Transforming tomorrow by building a generation of female leaders.
Creating a web presence for a non-profit organization with a great cause
Launched in 2009 at the Clinton Global Initiative, G(irls)20 places young women at the centre of decision-making processes through their signature programs, Global Summit and Girls on Boards, they make strategic investments in young women through education and training, building networks, and access to unparalleled opportunities at home and abroad.
I was the lead designer/developer on this project. I worked with stakeholders to create G(irls)20's style guide & website.
The challenge was to take an existing non-profit brand and update their online presence and platform and create marketing materials to grow with the brand over the next few years.
The solution was to deliver a well strategized website & style guide. Success in this project will be measured by growth in program participants, and a new market of sponsors.
Developing a Strategy
G(irls)20 is advocating for change at the global level through their annual G(irls)20 Global Summit, they are invested in changing the status quo for women at decision-making tables in communities across Canada by placing Girls on Boards.
When developing the strategy we surfaced the challenges G(irls)20 is facing as a non-profit organization, we prioritized the needs and goals of the business and its participants & sponsors. This became the foundation for the style guide and marketing plans for G(irls)20.
So, how might we create a meaningful web presence and style guide for brand consistancy?
Understanding the Users
For G(irls)20's we have 3 user groups in mind. We are speaking to young girls ages 18 - 25 who are looking to participate in G(irls)20's programs like the Global Summit and Girls on Boards, we are speaking to young professional women who are looking to volunteer their time by supporting a young female leader's journey, and we are also spaking to companies that are interested in sponsoring programs and events, sponsors are how programs and events are possible.
Each one of these user groups is equally important to the growth of G(irls)20, we want to value and honour each group and make sure their main CTA's are easy to find, easy to understand, and easy to act on. Another layer we must consider in our communications is the fact that G(irls)20 is a global brand speaking to all countries looking to make a positive impact on the world stage. Diversity & inclusion will play a large role in the decision making process.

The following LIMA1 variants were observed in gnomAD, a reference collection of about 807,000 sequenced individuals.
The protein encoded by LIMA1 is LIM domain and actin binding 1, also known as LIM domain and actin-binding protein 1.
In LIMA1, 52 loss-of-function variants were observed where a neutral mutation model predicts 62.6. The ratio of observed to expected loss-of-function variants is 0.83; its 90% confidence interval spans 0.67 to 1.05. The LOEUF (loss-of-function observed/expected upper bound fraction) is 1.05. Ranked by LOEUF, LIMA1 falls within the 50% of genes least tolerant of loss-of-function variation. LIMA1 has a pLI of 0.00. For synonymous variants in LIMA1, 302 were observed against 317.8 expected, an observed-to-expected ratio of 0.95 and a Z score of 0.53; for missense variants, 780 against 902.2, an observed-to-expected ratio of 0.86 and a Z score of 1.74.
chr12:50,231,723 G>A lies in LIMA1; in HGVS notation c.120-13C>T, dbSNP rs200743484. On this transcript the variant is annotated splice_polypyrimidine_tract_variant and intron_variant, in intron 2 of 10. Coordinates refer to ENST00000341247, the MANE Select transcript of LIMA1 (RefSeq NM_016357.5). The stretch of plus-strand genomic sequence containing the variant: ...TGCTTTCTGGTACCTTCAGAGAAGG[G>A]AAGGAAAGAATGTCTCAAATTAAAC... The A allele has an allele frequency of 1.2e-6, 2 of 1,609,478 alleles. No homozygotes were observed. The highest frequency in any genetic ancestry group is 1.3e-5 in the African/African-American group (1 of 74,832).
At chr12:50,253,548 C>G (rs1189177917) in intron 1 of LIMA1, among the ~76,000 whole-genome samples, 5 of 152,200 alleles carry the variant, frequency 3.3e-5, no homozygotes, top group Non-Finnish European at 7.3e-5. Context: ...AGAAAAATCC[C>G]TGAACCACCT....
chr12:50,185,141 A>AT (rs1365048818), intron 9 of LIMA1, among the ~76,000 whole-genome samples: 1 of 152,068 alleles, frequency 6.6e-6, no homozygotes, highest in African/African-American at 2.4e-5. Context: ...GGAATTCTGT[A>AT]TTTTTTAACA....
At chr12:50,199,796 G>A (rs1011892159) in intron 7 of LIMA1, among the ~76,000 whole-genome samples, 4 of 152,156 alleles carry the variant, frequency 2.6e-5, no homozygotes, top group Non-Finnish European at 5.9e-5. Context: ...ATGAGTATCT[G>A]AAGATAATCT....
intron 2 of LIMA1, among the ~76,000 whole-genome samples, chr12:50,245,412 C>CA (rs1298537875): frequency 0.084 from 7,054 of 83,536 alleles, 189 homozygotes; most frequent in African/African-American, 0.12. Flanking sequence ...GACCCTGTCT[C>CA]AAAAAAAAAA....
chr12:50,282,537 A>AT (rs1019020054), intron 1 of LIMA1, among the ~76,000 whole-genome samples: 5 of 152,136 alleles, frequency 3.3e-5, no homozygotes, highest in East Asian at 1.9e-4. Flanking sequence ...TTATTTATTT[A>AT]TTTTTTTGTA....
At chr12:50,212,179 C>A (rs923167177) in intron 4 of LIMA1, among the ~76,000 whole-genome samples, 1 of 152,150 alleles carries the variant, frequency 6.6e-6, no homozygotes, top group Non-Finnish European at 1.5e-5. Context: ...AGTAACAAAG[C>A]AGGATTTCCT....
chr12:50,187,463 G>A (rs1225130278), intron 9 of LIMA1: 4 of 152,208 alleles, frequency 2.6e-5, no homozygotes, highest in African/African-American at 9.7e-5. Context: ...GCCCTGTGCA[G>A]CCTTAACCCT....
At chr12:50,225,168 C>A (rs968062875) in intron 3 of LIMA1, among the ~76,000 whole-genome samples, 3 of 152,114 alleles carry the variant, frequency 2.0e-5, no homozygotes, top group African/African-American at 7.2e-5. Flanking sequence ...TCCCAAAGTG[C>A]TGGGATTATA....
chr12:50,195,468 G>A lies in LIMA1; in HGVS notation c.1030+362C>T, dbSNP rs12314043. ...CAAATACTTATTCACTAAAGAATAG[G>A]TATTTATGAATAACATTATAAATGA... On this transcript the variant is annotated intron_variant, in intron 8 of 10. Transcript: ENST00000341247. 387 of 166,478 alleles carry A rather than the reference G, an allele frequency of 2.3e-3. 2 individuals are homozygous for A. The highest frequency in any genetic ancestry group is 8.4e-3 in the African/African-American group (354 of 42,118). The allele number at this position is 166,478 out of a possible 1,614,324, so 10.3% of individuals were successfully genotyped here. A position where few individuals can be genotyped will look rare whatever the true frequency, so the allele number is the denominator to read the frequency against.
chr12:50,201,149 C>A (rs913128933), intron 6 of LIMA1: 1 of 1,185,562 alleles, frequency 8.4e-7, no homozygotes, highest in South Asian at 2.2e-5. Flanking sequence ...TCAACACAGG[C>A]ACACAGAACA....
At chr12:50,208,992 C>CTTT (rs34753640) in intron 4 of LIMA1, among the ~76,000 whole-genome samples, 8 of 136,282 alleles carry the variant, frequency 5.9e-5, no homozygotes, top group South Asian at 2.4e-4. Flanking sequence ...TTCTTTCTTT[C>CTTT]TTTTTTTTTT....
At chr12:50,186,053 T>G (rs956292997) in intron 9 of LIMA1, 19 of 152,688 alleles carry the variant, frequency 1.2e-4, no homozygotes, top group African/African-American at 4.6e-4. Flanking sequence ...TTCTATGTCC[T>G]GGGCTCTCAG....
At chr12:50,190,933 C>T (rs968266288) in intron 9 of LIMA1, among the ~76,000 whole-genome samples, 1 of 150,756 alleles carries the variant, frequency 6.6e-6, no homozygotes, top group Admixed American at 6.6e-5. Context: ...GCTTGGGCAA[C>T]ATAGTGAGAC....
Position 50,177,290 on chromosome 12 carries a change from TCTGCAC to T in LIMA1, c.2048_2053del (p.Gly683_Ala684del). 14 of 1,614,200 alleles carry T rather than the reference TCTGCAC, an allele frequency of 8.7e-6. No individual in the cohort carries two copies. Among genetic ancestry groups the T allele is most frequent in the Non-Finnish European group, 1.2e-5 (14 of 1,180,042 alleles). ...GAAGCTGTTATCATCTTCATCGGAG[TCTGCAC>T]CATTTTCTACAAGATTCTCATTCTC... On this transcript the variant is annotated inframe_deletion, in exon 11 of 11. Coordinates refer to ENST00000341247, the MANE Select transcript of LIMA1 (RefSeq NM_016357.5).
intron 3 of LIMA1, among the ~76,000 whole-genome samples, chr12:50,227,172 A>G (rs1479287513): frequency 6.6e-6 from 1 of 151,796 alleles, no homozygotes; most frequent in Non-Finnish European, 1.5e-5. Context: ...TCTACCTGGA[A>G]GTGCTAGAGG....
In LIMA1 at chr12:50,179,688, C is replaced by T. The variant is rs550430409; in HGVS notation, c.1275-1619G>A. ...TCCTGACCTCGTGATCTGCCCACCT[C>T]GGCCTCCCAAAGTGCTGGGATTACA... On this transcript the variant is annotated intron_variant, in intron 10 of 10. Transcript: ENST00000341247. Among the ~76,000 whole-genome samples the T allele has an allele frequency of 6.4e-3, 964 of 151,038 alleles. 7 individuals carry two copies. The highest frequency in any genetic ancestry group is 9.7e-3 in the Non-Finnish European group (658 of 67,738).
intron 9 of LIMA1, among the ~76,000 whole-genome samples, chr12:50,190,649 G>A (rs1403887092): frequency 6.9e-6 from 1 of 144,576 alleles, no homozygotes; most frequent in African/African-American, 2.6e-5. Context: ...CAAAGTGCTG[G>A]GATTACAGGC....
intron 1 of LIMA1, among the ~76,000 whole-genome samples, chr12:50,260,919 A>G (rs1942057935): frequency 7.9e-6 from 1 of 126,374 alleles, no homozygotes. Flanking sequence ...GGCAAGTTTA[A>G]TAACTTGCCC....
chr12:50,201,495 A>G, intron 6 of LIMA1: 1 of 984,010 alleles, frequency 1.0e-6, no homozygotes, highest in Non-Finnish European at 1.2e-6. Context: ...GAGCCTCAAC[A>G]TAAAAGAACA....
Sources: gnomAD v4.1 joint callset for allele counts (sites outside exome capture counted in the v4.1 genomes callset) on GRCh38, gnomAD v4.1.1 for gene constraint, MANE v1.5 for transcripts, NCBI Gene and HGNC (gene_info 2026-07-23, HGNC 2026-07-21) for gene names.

Defining the Brand
Through a series of exercises in the strategy session, we were able to extract and refine the key pillars of the brand. This defined the brand’s personality: how it should look, sound, act, and feel.
Understanding what the G(irls)20 brand is and who they are a champion for helped define the positioning statement of the brand.
Brand Style Guide
G(irls)20's style guide is made up of 4 core elements.
When exploring fonts for G(irls)20 we knew that we wanted an interesting font pairing that remains minimal for general copy and marketing purposes. Our first defined font is Brandon Grotesque, which is a geometric sans-serif typeface, a good choice to spice up any sans-serif choices we've all seen before.
FF Tisa has a large x-height which offers it excellent legibility, I think it’s a great choice for setting long passages of text on the web. G(irls)20 as a brand is offering so much information at any given time and we wanted to make sure that users are able to comfortably read through any amount of text on our site.
G(irls)20's brand colours are bright and bold, originally having defined one gold and one blue I wanted to expand that palette to offer more flexibility in the designing process. This stays true to G(irls)20's roots and allows them to move forward into the future with confidence.
Through many stages of possible colour palette's we landed on pulling tones and tints from the original palette. We also added some functional colours that will be helpful when creating the website.
The text/image blocks across the site require a square image, and left aligned text. The square images have a gold drop shadow that ranges from 100% hight to 75% height and 50% height, this allows to keep it youthful and legible at the same time. Below is an example of the images and also a look at the image blocks in the wild.
When posting images as page banners and blog post thumbnails, I wanted to define an easy approach to using images that keeps a consistant feel across content and that it fits all the possible ways an image can be shared from their site. For these images we must use images wit 16:9 dimensions (1920px x 1080px) and on top of that we must make sure that aspects of the image that are important to the context don't get cut off.
My solution to this problem was to create a guide for the G(irls)20 team that will help them approve and post content. The red rectangles represent images with 16:9, 4:3 and 1:1 size ratois, as long as the image looks appealing in all circumstances it is safe to post.
For the website for G(irls)20 we chose to go for an easy layout that favours flow over flashy design, telling the story of G(irls)20 remains the most important factor when creating online content. The website is simple, bold and unique.
We went through multiple variations of what the site could look like and in the end we decided to go with option 1. This was chosen by the team because they felt it portrays the main message and has just the right amount of trendy web design without running the risk of becoming outdated in a year.
When arriving at the final design we gathered all of the most important information to tell the story of G(irls)20. This is the perfect balance of legacy design principles and new refined principles we set through this process.